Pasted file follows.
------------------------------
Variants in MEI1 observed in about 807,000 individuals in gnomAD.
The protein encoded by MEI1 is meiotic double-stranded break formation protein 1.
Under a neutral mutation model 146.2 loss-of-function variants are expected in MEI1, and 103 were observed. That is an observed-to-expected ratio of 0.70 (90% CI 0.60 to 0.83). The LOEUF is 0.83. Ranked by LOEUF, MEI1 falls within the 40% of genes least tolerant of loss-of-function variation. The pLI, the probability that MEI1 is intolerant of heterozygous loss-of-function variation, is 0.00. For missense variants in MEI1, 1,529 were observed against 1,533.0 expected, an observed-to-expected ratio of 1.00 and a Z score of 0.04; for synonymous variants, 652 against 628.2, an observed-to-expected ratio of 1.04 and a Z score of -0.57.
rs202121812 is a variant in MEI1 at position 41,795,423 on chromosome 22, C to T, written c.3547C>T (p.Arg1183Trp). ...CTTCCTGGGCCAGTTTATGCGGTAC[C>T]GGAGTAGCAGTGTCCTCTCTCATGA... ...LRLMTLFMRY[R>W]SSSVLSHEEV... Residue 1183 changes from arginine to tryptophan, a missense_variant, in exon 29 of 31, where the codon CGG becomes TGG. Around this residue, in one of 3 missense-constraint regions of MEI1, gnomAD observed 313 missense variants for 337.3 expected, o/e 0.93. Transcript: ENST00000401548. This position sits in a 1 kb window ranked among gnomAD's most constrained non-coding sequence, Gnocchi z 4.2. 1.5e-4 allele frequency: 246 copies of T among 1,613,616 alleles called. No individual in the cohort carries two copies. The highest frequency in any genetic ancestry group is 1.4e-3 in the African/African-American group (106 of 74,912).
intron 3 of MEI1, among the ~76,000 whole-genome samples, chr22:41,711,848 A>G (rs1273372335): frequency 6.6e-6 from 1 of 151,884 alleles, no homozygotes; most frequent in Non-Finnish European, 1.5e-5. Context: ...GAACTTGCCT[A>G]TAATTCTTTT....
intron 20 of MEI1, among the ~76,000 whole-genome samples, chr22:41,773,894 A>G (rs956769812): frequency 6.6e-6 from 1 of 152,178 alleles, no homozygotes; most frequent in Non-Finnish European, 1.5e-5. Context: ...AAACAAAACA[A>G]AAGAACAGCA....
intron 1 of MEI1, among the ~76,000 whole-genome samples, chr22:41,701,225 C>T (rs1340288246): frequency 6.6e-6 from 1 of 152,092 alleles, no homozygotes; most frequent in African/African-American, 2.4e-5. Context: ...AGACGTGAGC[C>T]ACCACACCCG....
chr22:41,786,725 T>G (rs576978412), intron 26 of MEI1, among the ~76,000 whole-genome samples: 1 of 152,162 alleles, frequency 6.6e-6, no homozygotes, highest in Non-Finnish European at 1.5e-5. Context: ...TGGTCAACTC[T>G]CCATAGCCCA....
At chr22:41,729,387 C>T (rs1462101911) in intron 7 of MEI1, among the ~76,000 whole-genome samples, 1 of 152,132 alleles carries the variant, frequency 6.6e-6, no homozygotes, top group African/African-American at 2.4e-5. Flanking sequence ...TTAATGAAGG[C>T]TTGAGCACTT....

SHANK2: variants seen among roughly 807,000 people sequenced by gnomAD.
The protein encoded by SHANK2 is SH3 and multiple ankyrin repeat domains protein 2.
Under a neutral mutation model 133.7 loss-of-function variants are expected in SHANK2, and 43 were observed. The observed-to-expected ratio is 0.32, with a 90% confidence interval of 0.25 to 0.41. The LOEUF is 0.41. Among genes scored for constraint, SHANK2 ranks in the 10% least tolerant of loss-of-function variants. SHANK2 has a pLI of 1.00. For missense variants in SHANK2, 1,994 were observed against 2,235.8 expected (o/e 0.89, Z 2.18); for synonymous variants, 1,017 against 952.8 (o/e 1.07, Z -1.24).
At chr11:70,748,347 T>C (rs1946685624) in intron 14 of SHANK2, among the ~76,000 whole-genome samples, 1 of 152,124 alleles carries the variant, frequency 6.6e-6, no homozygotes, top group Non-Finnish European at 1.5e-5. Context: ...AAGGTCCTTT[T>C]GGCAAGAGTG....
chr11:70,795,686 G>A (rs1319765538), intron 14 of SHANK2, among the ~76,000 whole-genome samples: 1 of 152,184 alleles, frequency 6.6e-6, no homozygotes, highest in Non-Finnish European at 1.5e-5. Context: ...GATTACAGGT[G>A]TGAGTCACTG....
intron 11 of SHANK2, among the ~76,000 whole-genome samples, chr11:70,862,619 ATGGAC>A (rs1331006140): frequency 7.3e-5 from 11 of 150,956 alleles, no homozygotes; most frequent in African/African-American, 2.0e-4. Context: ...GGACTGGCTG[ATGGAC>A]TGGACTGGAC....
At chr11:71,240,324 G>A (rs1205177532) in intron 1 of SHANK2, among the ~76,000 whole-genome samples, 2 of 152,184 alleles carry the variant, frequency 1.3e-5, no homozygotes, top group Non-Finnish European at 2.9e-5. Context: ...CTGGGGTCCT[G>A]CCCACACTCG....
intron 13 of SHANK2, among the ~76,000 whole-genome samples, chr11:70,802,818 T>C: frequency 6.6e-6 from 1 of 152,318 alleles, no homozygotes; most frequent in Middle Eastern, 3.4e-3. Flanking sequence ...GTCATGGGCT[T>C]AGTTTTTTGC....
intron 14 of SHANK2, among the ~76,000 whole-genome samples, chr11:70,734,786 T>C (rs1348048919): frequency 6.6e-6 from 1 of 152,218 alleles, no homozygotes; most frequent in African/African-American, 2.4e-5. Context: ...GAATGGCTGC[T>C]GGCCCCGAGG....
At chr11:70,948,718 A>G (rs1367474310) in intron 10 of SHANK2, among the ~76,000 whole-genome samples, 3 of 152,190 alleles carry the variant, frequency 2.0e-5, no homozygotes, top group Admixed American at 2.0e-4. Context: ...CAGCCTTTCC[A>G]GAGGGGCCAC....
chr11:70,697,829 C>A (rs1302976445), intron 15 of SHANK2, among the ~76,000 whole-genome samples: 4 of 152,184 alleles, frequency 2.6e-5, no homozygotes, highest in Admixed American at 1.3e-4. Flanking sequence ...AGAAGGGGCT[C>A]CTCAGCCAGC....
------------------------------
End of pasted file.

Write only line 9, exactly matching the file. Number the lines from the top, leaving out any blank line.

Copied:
At chr22:41,729,387 C>T (rs1462101911) in intron 7 of MEI1, among the ~76,000 whole-genome samples, 1 of 152,132 alleles carries the variant, frequency 6.6e-6, no homozygotes, top group African/African-American at 2.4e-5. Flanking sequence ...TTAATGAAGG[C>T]TTGAGCACTT....